The stadium construction started in 1925 in the district of Milan named San Siro. Originally called “Nuovo Stadio Calcistico San Siro” (San Siro New Football Stadium), it was eventually renamed “Stadio Giuseppe Meazza” in 1980, in honour of Giuseppe Meazza. The idea to build a stadium in the same district as the horse racing track, belongs to the man who then was the president of AC Milan, Piero Pirelli. The architects designed a private stadium only for football, without the athletics tracks which characterized the Italian stadia built with public funds. The inauguration was on September 19, 1926, when 35,000 spectators saw Internazionale defeating Milan 6-3. Originally, the ground was home and property of AC Milan. In 1947 Internazionale became tenants and the two have shared the ground ever since.
As well as being used by Milan and Inter, the Italian national side also plays occasional games there and it has also been used for the 2001, 1970 and 1965 UEFA Champions League finals. The stadium was also used for Internazionale’s UEFA Cup finals when played over home and away legs but has never featured since the competition changed to a single final structure in 1997–98.
The stadium underwent further renovations for the 1990 World Cup with $60 million being spent, bringing the stadium up to UEFA 5-star standard. As part of the renovations, the stadium became all seated, with an extra tier being added to three sides of the stadium. This entailed the building of 11 concrete towers around the outside of the stadium. Four of these concrete towers located at the corner to support a new roof which has distinctive protruding red girders.
Inter is in the process of new stadium feasibility studies.
- 1939 End stands enlarged and corners filled in. A crowd of 55,000 for Italy – England 2-2.
- 1940 65,000 for Italy vs. Germany.
- 1955 Completion of two tiers giving a claimed capacity of 100,000.
- 1956 April 25, in front of 100,000 spectators, Italy – Brazil 3-0 (Goals: Virgili 2, De Sordi).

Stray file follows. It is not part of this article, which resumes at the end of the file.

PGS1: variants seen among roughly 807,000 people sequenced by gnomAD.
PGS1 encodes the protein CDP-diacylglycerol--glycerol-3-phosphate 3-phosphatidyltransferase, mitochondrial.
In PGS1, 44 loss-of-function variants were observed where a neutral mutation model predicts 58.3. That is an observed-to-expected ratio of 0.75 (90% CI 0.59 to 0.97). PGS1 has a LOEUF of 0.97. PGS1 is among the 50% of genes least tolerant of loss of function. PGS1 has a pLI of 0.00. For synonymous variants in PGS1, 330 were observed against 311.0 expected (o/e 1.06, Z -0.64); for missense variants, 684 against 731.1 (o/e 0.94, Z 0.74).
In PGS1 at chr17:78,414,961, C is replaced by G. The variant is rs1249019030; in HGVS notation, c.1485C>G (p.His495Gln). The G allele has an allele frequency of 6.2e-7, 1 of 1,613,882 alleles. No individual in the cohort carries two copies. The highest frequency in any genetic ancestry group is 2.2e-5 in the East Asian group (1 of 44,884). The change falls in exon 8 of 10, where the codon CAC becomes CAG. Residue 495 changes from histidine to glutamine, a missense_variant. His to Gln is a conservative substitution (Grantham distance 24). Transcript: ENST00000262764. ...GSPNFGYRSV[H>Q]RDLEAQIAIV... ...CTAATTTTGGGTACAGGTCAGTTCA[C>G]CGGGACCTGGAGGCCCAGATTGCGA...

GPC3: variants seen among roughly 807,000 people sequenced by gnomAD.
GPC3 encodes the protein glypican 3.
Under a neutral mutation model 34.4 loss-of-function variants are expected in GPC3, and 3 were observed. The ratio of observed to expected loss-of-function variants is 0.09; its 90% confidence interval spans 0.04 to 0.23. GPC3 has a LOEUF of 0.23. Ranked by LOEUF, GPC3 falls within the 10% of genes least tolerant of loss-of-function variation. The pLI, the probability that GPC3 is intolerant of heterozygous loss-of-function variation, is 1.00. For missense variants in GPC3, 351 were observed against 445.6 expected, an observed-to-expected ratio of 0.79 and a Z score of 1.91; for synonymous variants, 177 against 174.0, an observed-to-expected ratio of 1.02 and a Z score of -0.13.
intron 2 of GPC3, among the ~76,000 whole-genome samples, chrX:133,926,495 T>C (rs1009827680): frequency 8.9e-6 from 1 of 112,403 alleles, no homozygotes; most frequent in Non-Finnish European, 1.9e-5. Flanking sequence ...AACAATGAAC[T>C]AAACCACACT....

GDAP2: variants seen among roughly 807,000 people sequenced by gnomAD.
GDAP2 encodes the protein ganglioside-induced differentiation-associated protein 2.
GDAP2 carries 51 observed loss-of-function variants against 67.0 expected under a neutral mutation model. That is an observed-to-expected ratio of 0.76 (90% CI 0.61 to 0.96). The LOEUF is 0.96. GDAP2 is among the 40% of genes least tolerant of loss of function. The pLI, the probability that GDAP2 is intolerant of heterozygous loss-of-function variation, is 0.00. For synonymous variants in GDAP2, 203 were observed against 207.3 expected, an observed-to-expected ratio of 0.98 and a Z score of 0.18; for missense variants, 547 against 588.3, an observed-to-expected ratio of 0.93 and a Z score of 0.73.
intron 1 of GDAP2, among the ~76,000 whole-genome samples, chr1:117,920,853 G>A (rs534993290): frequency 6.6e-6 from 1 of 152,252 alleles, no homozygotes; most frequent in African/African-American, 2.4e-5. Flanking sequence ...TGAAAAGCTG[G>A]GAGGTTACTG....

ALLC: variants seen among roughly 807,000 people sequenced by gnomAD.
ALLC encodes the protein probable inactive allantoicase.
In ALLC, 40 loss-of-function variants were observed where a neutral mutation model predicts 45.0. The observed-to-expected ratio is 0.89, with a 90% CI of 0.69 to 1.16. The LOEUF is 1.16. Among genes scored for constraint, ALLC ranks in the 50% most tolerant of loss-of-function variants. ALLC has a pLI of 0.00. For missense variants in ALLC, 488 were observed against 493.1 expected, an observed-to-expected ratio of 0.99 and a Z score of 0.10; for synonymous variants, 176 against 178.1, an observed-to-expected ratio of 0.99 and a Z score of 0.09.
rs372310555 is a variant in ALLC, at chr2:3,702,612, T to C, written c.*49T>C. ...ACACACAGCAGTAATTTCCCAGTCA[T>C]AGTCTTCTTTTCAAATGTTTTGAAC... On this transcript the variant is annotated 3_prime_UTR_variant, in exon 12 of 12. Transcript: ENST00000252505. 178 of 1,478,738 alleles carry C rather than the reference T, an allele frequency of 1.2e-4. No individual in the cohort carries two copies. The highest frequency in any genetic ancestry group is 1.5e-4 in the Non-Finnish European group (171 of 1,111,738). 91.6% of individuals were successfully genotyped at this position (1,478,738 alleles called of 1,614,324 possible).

- After the Heysel Stadium disaster, the capacity was reduced to 80,000 in the mid 1980s.
- 1987, as a preparations for the 1990 World Cup the Italian government gave the Milanese council $30 million for its modernization, but in the end, the cost was more than double that. Project 1990 by Ragazzi e Hoffner e Salvi: 11 concrete towers of 50 meters in height. Of the 11 towers, 4 at each corner, protruded above the 3rd tier as support for the new roof.
- 1990 Third tier completed on three sides giving an all seated capacity of 85,700.
- 2002 Sky Box: 20 for 200 seats. 400 all-seats for journalists.
- Future renovation may involve the completion of the 3rd tier on the east side of the stadium, although this would involve purchasing land from the present hippodrome, behind the stadium.
|Season||Milan average||Inter average||Milan trophies||Inter trophies|
|1988–89||73,209||58,175||European Cup||Serie A|
UEFA Champions League
UEFA Champions League
|2006–07||47,117||48,284||UEFA Champions League||Serie A|
* = Inter awarded Serie A title in wake of Italian match-fixing scandal.
Other than football matches, the San Siro has been host to many pop music concerts. Laura Pausini, U2, Bob Marley, Michael Jackson, Depeche Mode, Bruce Springsteen, David Bowie, Robbie Williams and The Rolling Stones have all played headlining concerts at the stadium. The San Siro was also the venue for the boxing match between Duilio Loi vs. Carlos Ortiz for the Junior Welterweight title in 1960. In July 2009, Madonna performed front a sold-out crowd of 60,000 fans as part of her Sticky & Sweet Tour. In November 2009, Italy played the All Blacks in rugby in front of a sold out crowd of 80,000, a record for Italian Rugby. The score finished at 20-6 in the All Blacks’ favour. Muse will play at the San Siro on 8th June 2010.